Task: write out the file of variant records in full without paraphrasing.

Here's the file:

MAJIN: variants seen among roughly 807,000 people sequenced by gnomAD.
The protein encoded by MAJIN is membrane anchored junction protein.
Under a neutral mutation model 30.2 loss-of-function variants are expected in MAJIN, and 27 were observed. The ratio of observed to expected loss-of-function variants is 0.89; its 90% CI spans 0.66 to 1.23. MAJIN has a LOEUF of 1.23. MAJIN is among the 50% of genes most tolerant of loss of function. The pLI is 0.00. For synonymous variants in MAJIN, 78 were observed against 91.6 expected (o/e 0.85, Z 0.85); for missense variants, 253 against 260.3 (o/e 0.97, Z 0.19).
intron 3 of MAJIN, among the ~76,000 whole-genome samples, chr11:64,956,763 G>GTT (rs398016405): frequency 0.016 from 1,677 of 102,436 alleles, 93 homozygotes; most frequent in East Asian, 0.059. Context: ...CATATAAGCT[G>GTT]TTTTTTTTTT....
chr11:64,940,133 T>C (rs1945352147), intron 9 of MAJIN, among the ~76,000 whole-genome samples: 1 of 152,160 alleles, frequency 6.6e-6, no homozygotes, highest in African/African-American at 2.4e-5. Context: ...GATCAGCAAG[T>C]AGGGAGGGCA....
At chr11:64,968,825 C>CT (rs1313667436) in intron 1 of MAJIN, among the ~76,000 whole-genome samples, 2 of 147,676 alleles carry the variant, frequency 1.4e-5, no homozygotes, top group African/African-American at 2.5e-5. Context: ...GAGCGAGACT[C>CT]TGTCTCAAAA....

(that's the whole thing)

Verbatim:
MAJIN: variants seen among roughly 807,000 people sequenced by gnomAD.
The protein encoded by MAJIN is membrane anchored junction protein.
Under a neutral mutation model 30.2 loss-of-function variants are expected in MAJIN, and 27 were observed. The ratio of observed to expected loss-of-function variants is 0.89; its 90% CI spans 0.66 to 1.23. MAJIN has a LOEUF of 1.23. MAJIN is among the 50% of genes most tolerant of loss of function. The pLI is 0.00. For synonymous variants in MAJIN, 78 were observed against 91.6 expected (o/e 0.85, Z 0.85); for missense variants, 253 against 260.3 (o/e 0.97, Z 0.19).
intron 3 of MAJIN, among the ~76,000 whole-genome samples, chr11:64,956,763 G>GTT (rs398016405): frequency 0.016 from 1,677 of 102,436 alleles, 93 homozygotes; most frequent in East Asian, 0.059. Context: ...CATATAAGCT[G>GTT]TTTTTTTTTT....
chr11:64,940,133 T>C (rs1945352147), intron 9 of MAJIN, among the ~76,000 whole-genome samples: 1 of 152,160 alleles, frequency 6.6e-6, no homozygotes, highest in African/African-American at 2.4e-5. Context: ...GATCAGCAAG[T>C]AGGGAGGGCA....
At chr11:64,968,825 C>CT (rs1313667436) in intron 1 of MAJIN, among the ~76,000 whole-genome samples, 2 of 147,676 alleles carry the variant, frequency 1.4e-5, no homozygotes, top group African/African-American at 2.5e-5. Context: ...GAGCGAGACT[C>CT]TGTCTCAAAA....